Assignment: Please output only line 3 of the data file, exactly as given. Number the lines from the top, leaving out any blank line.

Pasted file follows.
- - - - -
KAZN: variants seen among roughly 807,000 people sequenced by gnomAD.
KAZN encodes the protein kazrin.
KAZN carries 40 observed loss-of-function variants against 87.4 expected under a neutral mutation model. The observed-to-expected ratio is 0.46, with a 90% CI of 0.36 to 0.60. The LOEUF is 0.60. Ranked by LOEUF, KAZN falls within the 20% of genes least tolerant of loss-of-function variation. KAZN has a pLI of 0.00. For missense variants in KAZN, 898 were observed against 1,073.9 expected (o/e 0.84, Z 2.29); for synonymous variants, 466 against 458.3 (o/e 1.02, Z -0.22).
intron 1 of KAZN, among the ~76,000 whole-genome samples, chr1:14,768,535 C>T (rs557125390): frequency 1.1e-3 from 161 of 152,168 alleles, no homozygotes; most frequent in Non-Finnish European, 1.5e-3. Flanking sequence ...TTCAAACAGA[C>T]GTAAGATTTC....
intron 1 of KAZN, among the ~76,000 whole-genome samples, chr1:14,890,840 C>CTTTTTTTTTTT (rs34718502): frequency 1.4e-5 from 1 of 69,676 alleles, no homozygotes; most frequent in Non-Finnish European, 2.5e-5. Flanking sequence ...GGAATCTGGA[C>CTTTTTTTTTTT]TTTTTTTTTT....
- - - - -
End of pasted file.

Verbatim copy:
KAZN carries 40 observed loss-of-function variants against 87.4 expected under a neutral mutation model. The observed-to-expected ratio is 0.46, with a 90% CI of 0.36 to 0.60. The LOEUF is 0.60. Ranked by LOEUF, KAZN falls within the 20% of genes least tolerant of loss-of-function variation. KAZN has a pLI of 0.00. For missense variants in KAZN, 898 were observed against 1,073.9 expected (o/e 0.84, Z 2.29); for synonymous variants, 466 against 458.3 (o/e 1.02, Z -0.22).